Bering-uClibc 4.x - User Guide - Appendices - Hints and Tips for Network Booting

From bering-uClibc
Jump to: navigation, search
Appendices - Hints and Tips for Network Booting
Prev Bering-uClibc 4.x - User Guide


Note: pxelinux boot support is currently under development and is not yet available in the standard Bering-uClibc 4.x downloads. Refer to Trac ticket #3 for the latest status.

Much of the preparation necessary in order to boot Bering-uClibc 4.x from the network using PXE technology is not specific to Bering-uClibc 4.x, since here the Bering-uClibc 4.x machine is acting as a client of other network devices, not as a server. These "other network devices" may or may not be other Bering-uClibc 4.x machines.

Network Overview

While it is possible to network-boot using a single other machine which serves all of the necessary content, there are multiple separate steps involved and typically also multiple different network protocols. The following diagram shows a small network which will be used as an example for the guidelines on this page.

PXE network boot overview

The roles of the different machines can be summarized as follows:

This is the Bering-uClibc 4.x machine which is being network booted.
DHCP Server 
Provides the IP Address details for the LEAF machine and crucially also provides the PXE boot filename, together with the details of the server from which that file can be downloaded using TFTP.
TFTP Server 
It is essential that a file like pxelinux.0 (or gpxelinux.0 - see below) can be downloaded using the Trivial File Transfer Protocol. The corresponding configuration file (often filename default from directory pxelinux.cfg/) is also downloaded using TFTP.
WEB Server 
There are various different options for the file transfer protocols which can be used to download the remaining files: the Linux kernel and initrd files, leaf.cfg and the Bering-uClibc 4.x .lrp files. These could all be downloaded using TFTP, but a better option is to use HTTP from a WEB server.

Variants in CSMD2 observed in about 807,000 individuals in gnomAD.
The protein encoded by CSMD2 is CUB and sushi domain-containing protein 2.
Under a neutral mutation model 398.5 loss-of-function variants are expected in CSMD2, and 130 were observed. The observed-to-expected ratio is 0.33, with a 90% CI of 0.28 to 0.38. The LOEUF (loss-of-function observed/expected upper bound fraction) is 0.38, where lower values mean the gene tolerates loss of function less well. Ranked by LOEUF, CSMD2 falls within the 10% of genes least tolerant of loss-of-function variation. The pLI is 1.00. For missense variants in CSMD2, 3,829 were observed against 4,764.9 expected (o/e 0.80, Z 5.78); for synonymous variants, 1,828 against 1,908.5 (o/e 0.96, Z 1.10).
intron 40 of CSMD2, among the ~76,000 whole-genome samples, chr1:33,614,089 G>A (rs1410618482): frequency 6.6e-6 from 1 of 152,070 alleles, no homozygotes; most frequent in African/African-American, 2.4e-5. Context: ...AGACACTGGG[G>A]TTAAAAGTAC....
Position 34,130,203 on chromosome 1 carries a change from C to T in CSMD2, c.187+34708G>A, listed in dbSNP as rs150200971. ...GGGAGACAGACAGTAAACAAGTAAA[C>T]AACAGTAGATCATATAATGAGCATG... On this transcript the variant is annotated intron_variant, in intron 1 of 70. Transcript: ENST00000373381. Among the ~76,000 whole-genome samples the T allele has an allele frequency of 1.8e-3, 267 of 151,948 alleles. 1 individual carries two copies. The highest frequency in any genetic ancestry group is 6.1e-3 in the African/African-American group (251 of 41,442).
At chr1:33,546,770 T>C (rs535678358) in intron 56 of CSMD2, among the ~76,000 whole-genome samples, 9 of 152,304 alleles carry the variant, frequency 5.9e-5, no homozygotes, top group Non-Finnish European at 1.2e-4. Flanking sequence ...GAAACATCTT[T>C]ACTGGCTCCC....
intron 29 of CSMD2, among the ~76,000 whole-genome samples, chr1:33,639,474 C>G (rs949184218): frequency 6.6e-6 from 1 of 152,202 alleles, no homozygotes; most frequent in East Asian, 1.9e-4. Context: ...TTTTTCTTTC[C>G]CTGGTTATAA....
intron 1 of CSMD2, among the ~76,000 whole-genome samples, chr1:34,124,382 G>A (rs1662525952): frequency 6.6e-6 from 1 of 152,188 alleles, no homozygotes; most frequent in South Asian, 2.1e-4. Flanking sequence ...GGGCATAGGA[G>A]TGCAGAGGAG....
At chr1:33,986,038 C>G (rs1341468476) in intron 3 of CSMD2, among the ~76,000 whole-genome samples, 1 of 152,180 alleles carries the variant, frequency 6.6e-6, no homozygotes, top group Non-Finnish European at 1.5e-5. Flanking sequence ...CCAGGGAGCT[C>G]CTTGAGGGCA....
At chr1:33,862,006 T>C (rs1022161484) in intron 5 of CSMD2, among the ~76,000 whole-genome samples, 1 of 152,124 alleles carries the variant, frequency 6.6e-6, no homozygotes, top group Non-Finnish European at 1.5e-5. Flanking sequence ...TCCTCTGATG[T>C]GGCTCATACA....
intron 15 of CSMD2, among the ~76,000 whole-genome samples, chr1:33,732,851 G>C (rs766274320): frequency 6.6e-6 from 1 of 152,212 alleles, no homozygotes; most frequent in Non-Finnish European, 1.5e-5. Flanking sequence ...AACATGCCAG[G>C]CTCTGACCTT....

Physical Network Connection Considerations

When planning a network boot deployment, remember that most devices will only PXE boot from their "first" network interface card, the one that Linux identifies as eth0. The default configuration of Bering-uClibc 4.x uses eth0 for the external or Internet-facing network connection, and eth1 for the internal or "LAN" network connection. Most people will want to network-boot from servers located on their internal network. This means that eth0 must be connected to that internal network, at least during boot-up.

You probably want to pay careful attention to the contents of /etc/network/interfaces and /etc/shorewall/interfaces. You might want to swap eth0 and eth1.


"Traditional" PXELINUX uses a file called pxelinux.0 as the second-stage boot loader. This only supports TFTP for the delivery of the Linux kernel and initial RAM disk files.

An alternative is gPXELINUX, which is a combination of gPXE and PXELINUX. This uses a file called gpxelinux.0 and adds support for a range of other file transfer protocols - in particular HTTP(S). For the most part gPXELINUX is a drop-in replacement for PXELINUX. The main difference is that the configuration file can specify URLs rather than simple (TFTP) filenames. For example, a gPXELINUX pxelinux.cfg/default might contain:

APPEND reboot=bios
DEFAULT initrd= rw root=/dev/ram0 LEAFCFG=

Some older machines seem not to work with gPXELINUX whereas they do work with regular PXELINUX.

Both pxelinux.0 and gpxelinux.0 are included in the Bering-uClibc 4.x "pxelinux" disk Images.

DHCP Server Configuration

PXE booting requires that the DHCP server delivers a PXE "boot filename" and the name and IP address of the server where this can be downloaded (using TFTP).

See the PXELINUX Wiki for more information.

Configuration Syntax for dnsmasq

The relevant entry in /etc/dnsmasq.conf would be something like the following (if the DHCP server is also acting as the TFTP server):


Alternatively, if the TFTP server is running on a separate machine, specify the name and IP address of that separate machine at the end of the line:


TFTP Server Configuration


See here for instructions on setting up a(nother) Bering-uClibc 4.x machine to act as a TFTP file server.

File/Web Server Configuration



  • Some old PXE boot ROMs do not support downloading the "boot filename" from a different server and insist that this is downloaded from the DHCP server. If the DHCP boot works but the subsequent TFTP download does not then try installing a TFTP server on the DHCP server, if possible.
    • If using dnsmasq as the DHCP server, also try using the "dhcp-no-override" configuration file option.

Prev Up